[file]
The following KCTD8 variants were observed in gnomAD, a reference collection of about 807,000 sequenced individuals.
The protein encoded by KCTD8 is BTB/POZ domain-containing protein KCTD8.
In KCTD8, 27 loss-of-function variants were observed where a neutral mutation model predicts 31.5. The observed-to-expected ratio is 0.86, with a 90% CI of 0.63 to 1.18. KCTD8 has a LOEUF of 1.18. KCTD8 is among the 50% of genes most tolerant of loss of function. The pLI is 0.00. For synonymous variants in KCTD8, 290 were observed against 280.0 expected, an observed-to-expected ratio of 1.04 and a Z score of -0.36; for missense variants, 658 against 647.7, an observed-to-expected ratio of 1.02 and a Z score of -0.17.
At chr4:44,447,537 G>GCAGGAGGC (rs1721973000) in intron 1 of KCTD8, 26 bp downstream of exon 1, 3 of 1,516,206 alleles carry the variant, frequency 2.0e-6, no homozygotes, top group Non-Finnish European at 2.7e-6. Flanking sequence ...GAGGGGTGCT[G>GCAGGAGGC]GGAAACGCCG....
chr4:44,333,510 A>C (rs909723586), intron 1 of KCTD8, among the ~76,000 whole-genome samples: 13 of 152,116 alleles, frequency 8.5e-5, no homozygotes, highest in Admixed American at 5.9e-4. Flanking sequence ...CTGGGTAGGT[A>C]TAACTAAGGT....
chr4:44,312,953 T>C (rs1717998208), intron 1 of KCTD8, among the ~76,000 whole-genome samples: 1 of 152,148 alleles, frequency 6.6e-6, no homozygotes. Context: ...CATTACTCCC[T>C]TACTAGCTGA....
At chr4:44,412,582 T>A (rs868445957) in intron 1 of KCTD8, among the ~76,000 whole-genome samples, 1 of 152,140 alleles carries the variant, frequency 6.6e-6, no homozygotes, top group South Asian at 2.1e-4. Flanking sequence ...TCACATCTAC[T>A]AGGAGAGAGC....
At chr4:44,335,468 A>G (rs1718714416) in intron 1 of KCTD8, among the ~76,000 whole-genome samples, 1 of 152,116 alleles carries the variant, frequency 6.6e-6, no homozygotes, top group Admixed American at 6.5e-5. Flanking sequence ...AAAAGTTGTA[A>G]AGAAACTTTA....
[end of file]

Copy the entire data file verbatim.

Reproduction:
The following KCTD8 variants were observed in gnomAD, a reference collection of about 807,000 sequenced individuals.
The protein encoded by KCTD8 is BTB/POZ domain-containing protein KCTD8.
In KCTD8, 27 loss-of-function variants were observed where a neutral mutation model predicts 31.5. The observed-to-expected ratio is 0.86, with a 90% CI of 0.63 to 1.18. KCTD8 has a LOEUF of 1.18. KCTD8 is among the 50% of genes most tolerant of loss of function. The pLI is 0.00. For synonymous variants in KCTD8, 290 were observed against 280.0 expected, an observed-to-expected ratio of 1.04 and a Z score of -0.36; for missense variants, 658 against 647.7, an observed-to-expected ratio of 1.02 and a Z score of -0.17.
At chr4:44,447,537 G>GCAGGAGGC (rs1721973000) in intron 1 of KCTD8, 26 bp downstream of exon 1, 3 of 1,516,206 alleles carry the variant, frequency 2.0e-6, no homozygotes, top group Non-Finnish European at 2.7e-6. Flanking sequence ...GAGGGGTGCT[G>GCAGGAGGC]GGAAACGCCG....
chr4:44,333,510 A>C (rs909723586), intron 1 of KCTD8, among the ~76,000 whole-genome samples: 13 of 152,116 alleles, frequency 8.5e-5, no homozygotes, highest in Admixed American at 5.9e-4. Flanking sequence ...CTGGGTAGGT[A>C]TAACTAAGGT....
chr4:44,312,953 T>C (rs1717998208), intron 1 of KCTD8, among the ~76,000 whole-genome samples: 1 of 152,148 alleles, frequency 6.6e-6, no homozygotes. Context: ...CATTACTCCC[T>C]TACTAGCTGA....
At chr4:44,412,582 T>A (rs868445957) in intron 1 of KCTD8, among the ~76,000 whole-genome samples, 1 of 152,140 alleles carries the variant, frequency 6.6e-6, no homozygotes, top group South Asian at 2.1e-4. Flanking sequence ...TCACATCTAC[T>A]AGGAGAGAGC....
At chr4:44,335,468 A>G (rs1718714416) in intron 1 of KCTD8, among the ~76,000 whole-genome samples, 1 of 152,116 alleles carries the variant, frequency 6.6e-6, no homozygotes, top group Admixed American at 6.5e-5. Flanking sequence ...AAAAGTTGTA[A>G]AGAAACTTTA....